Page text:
With the new school year in full swing, Comcast is re-launching
, the nation’s largest and most comprehensive broadband adoption initiative for low-income families.
Comcast Regional Vice President Rich Jennings,
Colorado Joe Garcia
and numerous other civic and community leaders today kicked off the program’s third year and announced that, in about 22 months, more than 220,000 families, or an estimated 900,000 low-income Americans nationwide, now have a broadband connection at home. This includes more than 8,000 families in Denver, and more than 11,000 in Colorado. In Colorado, around 3,000 families have gained access to a broadband connection through Internet Essentials in the last year alone.
In town to celebrate the re-launch was Tony Dungy, the Super Bowl-winning former head coach of the Indianapolis Colts. Dungy leads the Dungy Family Foundation in Tampa, Fla., which strengthens, sustains and empowers communities by providing opportunities to those in need, opportunities like the ones provided through Internet Essentials.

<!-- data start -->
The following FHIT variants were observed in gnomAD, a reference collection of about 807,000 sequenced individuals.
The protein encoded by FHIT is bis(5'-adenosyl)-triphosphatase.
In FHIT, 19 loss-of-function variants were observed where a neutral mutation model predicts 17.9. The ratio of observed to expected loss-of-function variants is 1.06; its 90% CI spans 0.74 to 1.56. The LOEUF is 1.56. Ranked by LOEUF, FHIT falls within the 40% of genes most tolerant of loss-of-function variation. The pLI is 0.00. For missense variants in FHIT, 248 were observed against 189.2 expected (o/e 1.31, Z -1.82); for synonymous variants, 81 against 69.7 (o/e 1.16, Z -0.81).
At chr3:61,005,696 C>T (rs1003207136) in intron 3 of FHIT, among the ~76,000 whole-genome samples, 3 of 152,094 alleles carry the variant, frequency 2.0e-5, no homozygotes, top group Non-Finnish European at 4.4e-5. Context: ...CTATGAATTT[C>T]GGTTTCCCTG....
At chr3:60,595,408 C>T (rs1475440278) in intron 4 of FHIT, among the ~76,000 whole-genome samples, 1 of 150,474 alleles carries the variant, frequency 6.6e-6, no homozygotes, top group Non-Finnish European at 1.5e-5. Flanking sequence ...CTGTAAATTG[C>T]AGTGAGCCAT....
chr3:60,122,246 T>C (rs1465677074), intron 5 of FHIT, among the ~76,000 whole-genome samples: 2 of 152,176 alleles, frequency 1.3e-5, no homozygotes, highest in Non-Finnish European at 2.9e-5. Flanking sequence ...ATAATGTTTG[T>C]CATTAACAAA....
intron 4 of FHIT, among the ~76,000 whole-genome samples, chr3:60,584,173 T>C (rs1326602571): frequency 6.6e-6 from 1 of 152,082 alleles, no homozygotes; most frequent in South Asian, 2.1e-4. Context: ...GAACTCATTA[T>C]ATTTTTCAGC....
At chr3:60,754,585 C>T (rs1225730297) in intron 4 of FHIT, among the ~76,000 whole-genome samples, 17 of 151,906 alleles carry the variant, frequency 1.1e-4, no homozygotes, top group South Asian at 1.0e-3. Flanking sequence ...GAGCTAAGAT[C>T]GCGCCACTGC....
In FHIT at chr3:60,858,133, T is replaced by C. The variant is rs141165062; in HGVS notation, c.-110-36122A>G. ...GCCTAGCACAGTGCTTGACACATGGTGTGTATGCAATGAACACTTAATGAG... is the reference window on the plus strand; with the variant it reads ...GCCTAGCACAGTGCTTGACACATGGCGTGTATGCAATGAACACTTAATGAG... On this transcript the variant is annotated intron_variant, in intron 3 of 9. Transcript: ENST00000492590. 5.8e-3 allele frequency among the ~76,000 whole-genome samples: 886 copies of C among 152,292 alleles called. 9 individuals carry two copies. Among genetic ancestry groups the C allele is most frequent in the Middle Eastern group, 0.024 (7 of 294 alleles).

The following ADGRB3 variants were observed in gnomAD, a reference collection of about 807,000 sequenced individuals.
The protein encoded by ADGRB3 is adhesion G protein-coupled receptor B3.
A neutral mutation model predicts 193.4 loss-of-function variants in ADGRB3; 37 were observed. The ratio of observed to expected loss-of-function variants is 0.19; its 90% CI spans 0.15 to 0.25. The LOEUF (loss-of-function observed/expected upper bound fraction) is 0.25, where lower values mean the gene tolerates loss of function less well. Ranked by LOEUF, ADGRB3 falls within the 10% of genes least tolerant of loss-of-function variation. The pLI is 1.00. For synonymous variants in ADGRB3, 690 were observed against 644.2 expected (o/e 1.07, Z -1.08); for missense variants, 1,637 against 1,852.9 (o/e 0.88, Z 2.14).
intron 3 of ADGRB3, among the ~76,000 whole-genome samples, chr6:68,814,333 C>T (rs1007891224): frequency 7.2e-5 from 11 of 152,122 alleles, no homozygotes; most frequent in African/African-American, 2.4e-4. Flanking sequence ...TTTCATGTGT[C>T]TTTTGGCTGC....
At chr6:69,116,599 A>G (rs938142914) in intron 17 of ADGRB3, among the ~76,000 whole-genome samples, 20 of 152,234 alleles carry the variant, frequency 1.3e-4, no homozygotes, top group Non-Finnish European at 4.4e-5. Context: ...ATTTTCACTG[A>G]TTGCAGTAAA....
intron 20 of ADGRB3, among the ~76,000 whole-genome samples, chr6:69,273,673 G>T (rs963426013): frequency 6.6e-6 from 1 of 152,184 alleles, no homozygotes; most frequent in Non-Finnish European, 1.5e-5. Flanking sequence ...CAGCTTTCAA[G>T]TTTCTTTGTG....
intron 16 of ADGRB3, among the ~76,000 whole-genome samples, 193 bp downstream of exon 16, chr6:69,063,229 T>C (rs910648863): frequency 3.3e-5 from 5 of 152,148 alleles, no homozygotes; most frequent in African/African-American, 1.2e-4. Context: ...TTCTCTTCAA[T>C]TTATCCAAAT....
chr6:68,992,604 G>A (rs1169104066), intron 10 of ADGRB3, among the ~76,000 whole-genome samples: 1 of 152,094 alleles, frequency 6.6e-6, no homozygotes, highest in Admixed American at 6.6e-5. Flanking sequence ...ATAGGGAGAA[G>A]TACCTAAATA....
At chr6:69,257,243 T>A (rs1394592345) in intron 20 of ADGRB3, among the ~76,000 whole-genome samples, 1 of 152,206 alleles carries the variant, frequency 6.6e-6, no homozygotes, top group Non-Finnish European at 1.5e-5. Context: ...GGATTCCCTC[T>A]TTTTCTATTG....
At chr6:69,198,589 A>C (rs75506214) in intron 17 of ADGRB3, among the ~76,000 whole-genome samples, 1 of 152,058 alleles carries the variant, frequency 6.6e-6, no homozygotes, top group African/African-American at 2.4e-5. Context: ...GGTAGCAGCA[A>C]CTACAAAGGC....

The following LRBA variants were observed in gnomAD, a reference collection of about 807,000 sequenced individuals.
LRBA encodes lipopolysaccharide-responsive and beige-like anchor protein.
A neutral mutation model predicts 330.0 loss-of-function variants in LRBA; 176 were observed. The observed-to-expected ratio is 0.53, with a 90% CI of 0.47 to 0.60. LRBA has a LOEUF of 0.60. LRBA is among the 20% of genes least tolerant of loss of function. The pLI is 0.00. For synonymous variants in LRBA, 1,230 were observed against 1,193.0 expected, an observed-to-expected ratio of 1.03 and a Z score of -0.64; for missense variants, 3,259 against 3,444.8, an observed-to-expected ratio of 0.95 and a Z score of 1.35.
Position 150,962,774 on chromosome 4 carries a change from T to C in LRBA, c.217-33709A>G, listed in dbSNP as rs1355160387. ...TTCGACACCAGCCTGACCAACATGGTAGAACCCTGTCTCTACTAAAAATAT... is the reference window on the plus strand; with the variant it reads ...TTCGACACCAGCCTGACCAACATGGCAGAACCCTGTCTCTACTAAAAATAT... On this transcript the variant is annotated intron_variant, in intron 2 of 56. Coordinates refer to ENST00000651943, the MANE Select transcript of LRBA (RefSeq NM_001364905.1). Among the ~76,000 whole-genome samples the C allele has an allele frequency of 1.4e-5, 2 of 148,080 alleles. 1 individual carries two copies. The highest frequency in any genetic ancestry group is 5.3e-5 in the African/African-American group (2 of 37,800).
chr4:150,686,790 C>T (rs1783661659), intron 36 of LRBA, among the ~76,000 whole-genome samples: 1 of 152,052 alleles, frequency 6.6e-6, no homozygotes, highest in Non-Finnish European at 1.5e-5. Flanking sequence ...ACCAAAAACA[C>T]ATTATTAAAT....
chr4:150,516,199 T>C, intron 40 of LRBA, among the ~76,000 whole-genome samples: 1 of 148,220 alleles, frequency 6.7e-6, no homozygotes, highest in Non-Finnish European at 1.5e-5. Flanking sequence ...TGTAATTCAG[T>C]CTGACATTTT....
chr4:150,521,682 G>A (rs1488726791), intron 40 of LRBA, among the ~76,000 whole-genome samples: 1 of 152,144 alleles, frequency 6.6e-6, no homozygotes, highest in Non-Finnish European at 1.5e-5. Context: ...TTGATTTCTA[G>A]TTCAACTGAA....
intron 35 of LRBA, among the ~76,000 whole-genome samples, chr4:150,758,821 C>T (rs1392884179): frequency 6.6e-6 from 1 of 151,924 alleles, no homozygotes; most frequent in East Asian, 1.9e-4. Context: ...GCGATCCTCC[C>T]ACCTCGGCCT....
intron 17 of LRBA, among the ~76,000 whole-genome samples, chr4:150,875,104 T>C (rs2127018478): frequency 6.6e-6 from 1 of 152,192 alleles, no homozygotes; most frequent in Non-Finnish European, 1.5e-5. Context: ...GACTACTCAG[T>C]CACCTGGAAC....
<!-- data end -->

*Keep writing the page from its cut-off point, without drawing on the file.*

“Thanks to community leaders and schools nationwide, more Americans now have the opportunity to use the power of the Internet at home to get ahead in work, education, and life, just by doing things online that many of us take for granted, such as completing homework, applying for a job, researching a health condition, or paying a bill,” said Jennings. “Together, with cities like Denver, we are making real and significant progress in closing the digital divide in America.”
In Denver, approximately 300 children and parents, members of the Denver Broncos Boys & Girls Club or who attend public schools in that district, took part in an in-person Q&A with Dungy and had the opportunity to learn more about Internet Essentials. Today’s event was one in a series of back-to-school events Comcast is hosting in 23 states across the country to raise visibility about
bridging the digital divide
in America and connecting more families to the Internet.
“Internet Essentials can have a game-changing impact on education and the lives of young people,” said Dungy. “It really levels the playing field for those that might not have the opportunities they deserve just because they never had access to the tools and resources that drive success in today’s technologically advanced world.”